From these scattered chapters, a national structure emerged. In March 1979, The First National Convention of Sigmans was held in Aringay, La Union. In this historic event, the fraternity formally adopted its national Constitution and By-Laws, established its national structure and systems, elected its national officers, and set the fraternity's course for the next years. These were then reviewed, evaluated and updated in the Second National Convention of Sigmans, held in UP Diliman from April 6-10, 1983.
While the early years of the Pi Sigma Fraternity were mainly devoted to grassroot organizing and organizational consolidation, its political tasks were not neglected. After all, its existence is primarily based on the continued viability of its vison.
In UP in the 70's the fraternity dared the ban on student organizations and actively participated in the UP students' struggle for their rights and welfare which culminated in a 6,000-strong march by the various sectors in the university around the academic oval in December 1979. The next year, the university administration capitulated to their demand for the recognition of student councils and organizations.
Involvement in national campaigns likewise became a necessity. While the 1970's served as the period for breeding "martial law babies" and " the culture of silence" , it also nurtured and developed socially-committed and nationalist brothers.
The National Convention offered a quantitative leap for the fraternity's objectives. We have now a strong and national organization collectively seeking a nationalist and democratic society. It prepared the fraternity for the arduous battle against the Marcos dictatorship.
Truly, the fraternity's members followed the dictum that education is not confined to the classroom alone. Extracurricular activities occupy a portion of their time from sponsoring educational venues such as debates, symposia, fora, discussion groups and assemblies, participating in campus politics, integrating with the masses, ,and joining in political actions.
In these endeavors, the fraternity has produced student leaders, shared the struggle of the oppressed majority for better living conditions and protection of human rights, and at the same time, nurtured academic scholars.
The fraternity goes one step further.The heightened repression of the martial law era opted many to join cause-oriented and non-government institutions fighting for the cause of the Filipino people. Many lives, time and effort had been spent by our fraternity brothers advancing the anti-dictatorship struggle.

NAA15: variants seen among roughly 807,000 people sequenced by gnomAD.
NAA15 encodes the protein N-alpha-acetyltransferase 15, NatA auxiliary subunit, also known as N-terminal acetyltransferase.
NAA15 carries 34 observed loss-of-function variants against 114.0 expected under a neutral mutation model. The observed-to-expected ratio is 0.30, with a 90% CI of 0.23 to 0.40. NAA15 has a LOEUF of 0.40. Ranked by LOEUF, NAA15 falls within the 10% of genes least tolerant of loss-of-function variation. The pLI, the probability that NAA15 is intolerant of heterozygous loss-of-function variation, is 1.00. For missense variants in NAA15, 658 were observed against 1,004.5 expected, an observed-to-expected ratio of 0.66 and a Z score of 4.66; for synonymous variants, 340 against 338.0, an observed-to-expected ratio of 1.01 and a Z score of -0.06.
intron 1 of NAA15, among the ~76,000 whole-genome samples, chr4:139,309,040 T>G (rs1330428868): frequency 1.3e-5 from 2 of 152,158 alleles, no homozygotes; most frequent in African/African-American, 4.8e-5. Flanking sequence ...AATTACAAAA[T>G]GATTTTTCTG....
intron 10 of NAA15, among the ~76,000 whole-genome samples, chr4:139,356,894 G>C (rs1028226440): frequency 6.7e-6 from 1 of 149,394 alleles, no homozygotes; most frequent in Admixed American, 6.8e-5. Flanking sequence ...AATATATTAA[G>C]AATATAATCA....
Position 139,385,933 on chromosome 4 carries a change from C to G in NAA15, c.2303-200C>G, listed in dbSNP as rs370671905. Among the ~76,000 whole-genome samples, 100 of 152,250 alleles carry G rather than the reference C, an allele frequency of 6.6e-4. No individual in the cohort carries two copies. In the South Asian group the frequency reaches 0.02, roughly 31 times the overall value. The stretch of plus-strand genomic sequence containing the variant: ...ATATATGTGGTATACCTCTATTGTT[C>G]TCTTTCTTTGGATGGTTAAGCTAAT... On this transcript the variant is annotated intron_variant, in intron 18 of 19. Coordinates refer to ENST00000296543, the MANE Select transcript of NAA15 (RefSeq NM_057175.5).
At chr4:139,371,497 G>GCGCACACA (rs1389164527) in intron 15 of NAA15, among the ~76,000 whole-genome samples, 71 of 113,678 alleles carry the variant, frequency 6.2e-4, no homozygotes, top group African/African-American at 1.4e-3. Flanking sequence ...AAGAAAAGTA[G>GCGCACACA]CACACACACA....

The ascendancy of a new government in 1986 did not stop the flame burning for our vision of a free, democratic, and prosperous Filipino nation. In fact, recent events have not been favorable to the fraternity.
In December 1987, Edwin Laguerder (Batch '79, UP), an adviser of a farmers' organization in Davao, was brutally murdered by unidentified men. The following month, Bernie de Guzman ('82, Chevalier School, Angeles City) was gunned down by PC troopers. In July and September of 1988, Benito Clutario (Batch '77, UP) of the Kilusang Mayo Uno (KMU) and Benjamin Lazaro (Batch '77-C. UP) of the Philippine Educational Theater Association (PETA) involuntarily disappeared in the height of the rising number of desaparecidos. Many more from the other chapters and fields of work were either killed, arrested, or have simply disappeared especially in Mindanao. The fraternity has instilled the ultimate expression of service to the people. The fraternity salutes the brods who have offered time, their thoughts, and even lives for the tenets the Sigmans believe in.
The struggle for a better educational system and culture is part of the fraternity's vision for a truly sovereign, democratic, and prosperous Philippines, a vision long conceptualized and pursued by its founders and alumni, and continues to be a guide for the present generation.
It sets the fraternity's position on major issues confronting our nation. It calls for an end to foreign domination on our internal affairs. It has sided with the farmers' organizations in its demand for a genuine agrarian reform, and the workers for better working conditions and higher wages. In general, it has staked itself with the oppressed majority in framing a society free from exploitation and domination, and conducive for collective advancement and development.
The idealism and perseverance of the fraternity's founders have brought the Pi Sigma Fraternity to where it belongs now, a national organization potentially strong in nation building.
quoted from: http://pisigmafraternity.tripod.com/profile.htm